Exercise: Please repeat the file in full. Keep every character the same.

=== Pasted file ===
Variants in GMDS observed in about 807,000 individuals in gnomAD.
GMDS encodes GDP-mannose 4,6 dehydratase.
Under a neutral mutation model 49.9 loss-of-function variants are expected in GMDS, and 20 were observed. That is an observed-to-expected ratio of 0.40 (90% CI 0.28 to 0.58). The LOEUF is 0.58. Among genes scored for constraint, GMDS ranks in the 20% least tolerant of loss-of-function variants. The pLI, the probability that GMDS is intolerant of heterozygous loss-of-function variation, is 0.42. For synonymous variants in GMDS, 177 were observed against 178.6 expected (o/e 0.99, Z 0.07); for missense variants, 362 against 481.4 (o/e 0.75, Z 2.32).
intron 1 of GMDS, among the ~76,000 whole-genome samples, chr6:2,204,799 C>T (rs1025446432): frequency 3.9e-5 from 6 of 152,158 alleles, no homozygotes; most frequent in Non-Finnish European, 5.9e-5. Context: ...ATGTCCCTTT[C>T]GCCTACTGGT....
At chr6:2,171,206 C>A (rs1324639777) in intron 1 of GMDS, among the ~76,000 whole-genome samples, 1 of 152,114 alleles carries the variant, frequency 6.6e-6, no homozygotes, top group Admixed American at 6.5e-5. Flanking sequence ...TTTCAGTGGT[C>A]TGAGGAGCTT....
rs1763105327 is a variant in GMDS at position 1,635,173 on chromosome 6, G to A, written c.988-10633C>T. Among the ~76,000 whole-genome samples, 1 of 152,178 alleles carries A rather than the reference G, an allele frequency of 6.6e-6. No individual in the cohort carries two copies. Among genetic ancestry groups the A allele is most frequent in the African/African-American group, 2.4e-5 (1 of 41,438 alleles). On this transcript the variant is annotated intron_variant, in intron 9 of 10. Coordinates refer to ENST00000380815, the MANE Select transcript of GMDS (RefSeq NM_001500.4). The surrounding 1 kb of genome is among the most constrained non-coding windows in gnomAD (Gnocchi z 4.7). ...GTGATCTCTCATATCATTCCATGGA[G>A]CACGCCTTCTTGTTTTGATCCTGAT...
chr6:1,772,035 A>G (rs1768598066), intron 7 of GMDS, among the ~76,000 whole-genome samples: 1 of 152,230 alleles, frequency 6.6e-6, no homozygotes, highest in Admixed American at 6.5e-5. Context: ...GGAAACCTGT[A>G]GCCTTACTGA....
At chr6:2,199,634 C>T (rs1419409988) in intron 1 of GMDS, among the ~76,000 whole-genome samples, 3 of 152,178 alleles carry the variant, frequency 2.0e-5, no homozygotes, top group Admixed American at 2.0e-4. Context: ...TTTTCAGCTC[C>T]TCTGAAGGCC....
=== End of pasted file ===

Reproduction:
Variants in GMDS observed in about 807,000 individuals in gnomAD.
GMDS encodes GDP-mannose 4,6 dehydratase.
Under a neutral mutation model 49.9 loss-of-function variants are expected in GMDS, and 20 were observed. That is an observed-to-expected ratio of 0.40 (90% CI 0.28 to 0.58). The LOEUF is 0.58. Among genes scored for constraint, GMDS ranks in the 20% least tolerant of loss-of-function variants. The pLI, the probability that GMDS is intolerant of heterozygous loss-of-function variation, is 0.42. For synonymous variants in GMDS, 177 were observed against 178.6 expected (o/e 0.99, Z 0.07); for missense variants, 362 against 481.4 (o/e 0.75, Z 2.32).
intron 1 of GMDS, among the ~76,000 whole-genome samples, chr6:2,204,799 C>T (rs1025446432): frequency 3.9e-5 from 6 of 152,158 alleles, no homozygotes; most frequent in Non-Finnish European, 5.9e-5. Context: ...ATGTCCCTTT[C>T]GCCTACTGGT....
At chr6:2,171,206 C>A (rs1324639777) in intron 1 of GMDS, among the ~76,000 whole-genome samples, 1 of 152,114 alleles carries the variant, frequency 6.6e-6, no homozygotes, top group Admixed American at 6.5e-5. Flanking sequence ...TTTCAGTGGT[C>A]TGAGGAGCTT....
rs1763105327 is a variant in GMDS at position 1,635,173 on chromosome 6, G to A, written c.988-10633C>T. Among the ~76,000 whole-genome samples, 1 of 152,178 alleles carries A rather than the reference G, an allele frequency of 6.6e-6. No individual in the cohort carries two copies. Among genetic ancestry groups the A allele is most frequent in the African/African-American group, 2.4e-5 (1 of 41,438 alleles). On this transcript the variant is annotated intron_variant, in intron 9 of 10. Coordinates refer to ENST00000380815, the MANE Select transcript of GMDS (RefSeq NM_001500.4). The surrounding 1 kb of genome is among the most constrained non-coding windows in gnomAD (Gnocchi z 4.7). ...GTGATCTCTCATATCATTCCATGGA[G>A]CACGCCTTCTTGTTTTGATCCTGAT...
chr6:1,772,035 A>G (rs1768598066), intron 7 of GMDS, among the ~76,000 whole-genome samples: 1 of 152,230 alleles, frequency 6.6e-6, no homozygotes, highest in Admixed American at 6.5e-5. Context: ...GGAAACCTGT[A>G]GCCTTACTGA....
At chr6:2,199,634 C>T (rs1419409988) in intron 1 of GMDS, among the ~76,000 whole-genome samples, 3 of 152,178 alleles carry the variant, frequency 2.0e-5, no homozygotes, top group Admixed American at 2.0e-4. Context: ...TTTTCAGCTC[C>T]TCTGAAGGCC....